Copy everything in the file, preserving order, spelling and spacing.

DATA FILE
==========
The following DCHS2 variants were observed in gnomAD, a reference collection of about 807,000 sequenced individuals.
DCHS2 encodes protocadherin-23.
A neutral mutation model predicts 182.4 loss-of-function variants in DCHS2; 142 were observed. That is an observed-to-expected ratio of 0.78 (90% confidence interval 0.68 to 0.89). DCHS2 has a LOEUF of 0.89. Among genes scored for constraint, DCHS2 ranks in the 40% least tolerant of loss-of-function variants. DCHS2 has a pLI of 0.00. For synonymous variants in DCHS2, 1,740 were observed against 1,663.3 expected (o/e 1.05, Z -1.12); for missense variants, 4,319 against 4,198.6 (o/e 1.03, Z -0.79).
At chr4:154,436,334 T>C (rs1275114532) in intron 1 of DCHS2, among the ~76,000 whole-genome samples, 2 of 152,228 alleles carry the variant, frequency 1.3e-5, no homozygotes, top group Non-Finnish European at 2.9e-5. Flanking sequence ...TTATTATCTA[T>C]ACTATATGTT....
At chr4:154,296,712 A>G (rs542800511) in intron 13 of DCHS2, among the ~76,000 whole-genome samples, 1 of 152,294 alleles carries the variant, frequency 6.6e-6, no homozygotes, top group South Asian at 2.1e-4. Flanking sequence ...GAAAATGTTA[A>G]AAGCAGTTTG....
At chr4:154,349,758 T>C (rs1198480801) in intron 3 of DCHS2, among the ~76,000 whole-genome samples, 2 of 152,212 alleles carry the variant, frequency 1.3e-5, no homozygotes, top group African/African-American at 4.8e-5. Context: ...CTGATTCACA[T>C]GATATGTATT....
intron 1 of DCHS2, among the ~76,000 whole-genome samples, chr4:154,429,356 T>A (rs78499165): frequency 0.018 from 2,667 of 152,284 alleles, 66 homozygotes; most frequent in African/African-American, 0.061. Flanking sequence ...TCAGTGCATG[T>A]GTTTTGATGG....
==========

The following DCHS2 variants were observed in gnomAD, a reference collection of about 807,000 sequenced individuals.
DCHS2 encodes protocadherin-23.
A neutral mutation model predicts 182.4 loss-of-function variants in DCHS2; 142 were observed. That is an observed-to-expected ratio of 0.78 (90% confidence interval 0.68 to 0.89). DCHS2 has a LOEUF of 0.89. Among genes scored for constraint, DCHS2 ranks in the 40% least tolerant of loss-of-function variants. DCHS2 has a pLI of 0.00. For synonymous variants in DCHS2, 1,740 were observed against 1,663.3 expected (o/e 1.05, Z -1.12); for missense variants, 4,319 against 4,198.6 (o/e 1.03, Z -0.79).
At chr4:154,436,334 T>C (rs1275114532) in intron 1 of DCHS2, among the ~76,000 whole-genome samples, 2 of 152,228 alleles carry the variant, frequency 1.3e-5, no homozygotes, top group Non-Finnish European at 2.9e-5. Flanking sequence ...TTATTATCTA[T>C]ACTATATGTT....
At chr4:154,296,712 A>G (rs542800511) in intron 13 of DCHS2, among the ~76,000 whole-genome samples, 1 of 152,294 alleles carries the variant, frequency 6.6e-6, no homozygotes, top group South Asian at 2.1e-4. Flanking sequence ...GAAAATGTTA[A>G]AAGCAGTTTG....
At chr4:154,349,758 T>C (rs1198480801) in intron 3 of DCHS2, among the ~76,000 whole-genome samples, 2 of 152,212 alleles carry the variant, frequency 1.3e-5, no homozygotes, top group African/African-American at 4.8e-5. Context: ...CTGATTCACA[T>C]GATATGTATT....
intron 1 of DCHS2, among the ~76,000 whole-genome samples, chr4:154,429,356 T>A (rs78499165): frequency 0.018 from 2,667 of 152,284 alleles, 66 homozygotes; most frequent in African/African-American, 0.061. Flanking sequence ...TCAGTGCATG[T>A]GTTTTGATGG....